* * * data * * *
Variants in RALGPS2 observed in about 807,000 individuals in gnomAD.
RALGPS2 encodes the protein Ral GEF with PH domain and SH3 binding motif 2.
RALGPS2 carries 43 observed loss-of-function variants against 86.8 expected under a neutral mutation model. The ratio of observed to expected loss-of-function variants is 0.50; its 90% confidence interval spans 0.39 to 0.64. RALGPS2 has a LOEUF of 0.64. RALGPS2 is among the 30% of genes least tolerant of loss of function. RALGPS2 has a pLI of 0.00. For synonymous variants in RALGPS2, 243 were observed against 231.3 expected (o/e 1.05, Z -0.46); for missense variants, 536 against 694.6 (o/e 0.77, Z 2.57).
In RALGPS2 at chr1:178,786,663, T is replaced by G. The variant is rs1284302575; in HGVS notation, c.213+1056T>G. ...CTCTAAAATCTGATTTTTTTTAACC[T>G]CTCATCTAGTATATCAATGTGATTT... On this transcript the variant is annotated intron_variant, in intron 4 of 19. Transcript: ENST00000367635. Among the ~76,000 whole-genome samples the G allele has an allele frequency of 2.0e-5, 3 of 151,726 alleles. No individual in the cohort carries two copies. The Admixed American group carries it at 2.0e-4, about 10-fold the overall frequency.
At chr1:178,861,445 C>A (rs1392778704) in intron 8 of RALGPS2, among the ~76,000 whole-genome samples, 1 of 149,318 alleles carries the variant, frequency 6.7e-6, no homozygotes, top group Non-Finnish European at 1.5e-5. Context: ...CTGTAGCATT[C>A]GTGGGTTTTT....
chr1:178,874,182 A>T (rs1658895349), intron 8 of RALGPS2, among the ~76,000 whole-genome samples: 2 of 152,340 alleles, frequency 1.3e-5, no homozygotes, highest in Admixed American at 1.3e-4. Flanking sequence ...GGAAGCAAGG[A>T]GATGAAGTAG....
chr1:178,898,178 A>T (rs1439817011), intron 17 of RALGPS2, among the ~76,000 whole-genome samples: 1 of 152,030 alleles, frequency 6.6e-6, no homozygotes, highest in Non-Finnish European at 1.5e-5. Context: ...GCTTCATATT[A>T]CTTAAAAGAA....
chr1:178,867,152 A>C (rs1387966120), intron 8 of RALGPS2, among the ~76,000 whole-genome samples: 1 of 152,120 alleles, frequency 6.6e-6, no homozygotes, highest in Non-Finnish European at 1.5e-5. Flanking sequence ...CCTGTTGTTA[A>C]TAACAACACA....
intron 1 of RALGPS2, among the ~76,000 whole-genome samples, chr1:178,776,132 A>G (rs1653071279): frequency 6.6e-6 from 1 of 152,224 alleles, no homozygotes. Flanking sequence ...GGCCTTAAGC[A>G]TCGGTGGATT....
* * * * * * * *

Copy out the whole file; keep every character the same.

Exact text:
Variants in RALGPS2 observed in about 807,000 individuals in gnomAD.
RALGPS2 encodes the protein Ral GEF with PH domain and SH3 binding motif 2.
RALGPS2 carries 43 observed loss-of-function variants against 86.8 expected under a neutral mutation model. The ratio of observed to expected loss-of-function variants is 0.50; its 90% confidence interval spans 0.39 to 0.64. RALGPS2 has a LOEUF of 0.64. RALGPS2 is among the 30% of genes least tolerant of loss of function. RALGPS2 has a pLI of 0.00. For synonymous variants in RALGPS2, 243 were observed against 231.3 expected (o/e 1.05, Z -0.46); for missense variants, 536 against 694.6 (o/e 0.77, Z 2.57).
In RALGPS2 at chr1:178,786,663, T is replaced by G. The variant is rs1284302575; in HGVS notation, c.213+1056T>G. ...CTCTAAAATCTGATTTTTTTTAACC[T>G]CTCATCTAGTATATCAATGTGATTT... On this transcript the variant is annotated intron_variant, in intron 4 of 19. Transcript: ENST00000367635. Among the ~76,000 whole-genome samples the G allele has an allele frequency of 2.0e-5, 3 of 151,726 alleles. No individual in the cohort carries two copies. The Admixed American group carries it at 2.0e-4, about 10-fold the overall frequency.
At chr1:178,861,445 C>A (rs1392778704) in intron 8 of RALGPS2, among the ~76,000 whole-genome samples, 1 of 149,318 alleles carries the variant, frequency 6.7e-6, no homozygotes, top group Non-Finnish European at 1.5e-5. Context: ...CTGTAGCATT[C>A]GTGGGTTTTT....
chr1:178,874,182 A>T (rs1658895349), intron 8 of RALGPS2, among the ~76,000 whole-genome samples: 2 of 152,340 alleles, frequency 1.3e-5, no homozygotes, highest in Admixed American at 1.3e-4. Flanking sequence ...GGAAGCAAGG[A>T]GATGAAGTAG....
chr1:178,898,178 A>T (rs1439817011), intron 17 of RALGPS2, among the ~76,000 whole-genome samples: 1 of 152,030 alleles, frequency 6.6e-6, no homozygotes, highest in Non-Finnish European at 1.5e-5. Context: ...GCTTCATATT[A>T]CTTAAAAGAA....
chr1:178,867,152 A>C (rs1387966120), intron 8 of RALGPS2, among the ~76,000 whole-genome samples: 1 of 152,120 alleles, frequency 6.6e-6, no homozygotes, highest in Non-Finnish European at 1.5e-5. Flanking sequence ...CCTGTTGTTA[A>C]TAACAACACA....
intron 1 of RALGPS2, among the ~76,000 whole-genome samples, chr1:178,776,132 A>G (rs1653071279): frequency 6.6e-6 from 1 of 152,224 alleles, no homozygotes. Flanking sequence ...GGCCTTAAGC[A>G]TCGGTGGATT....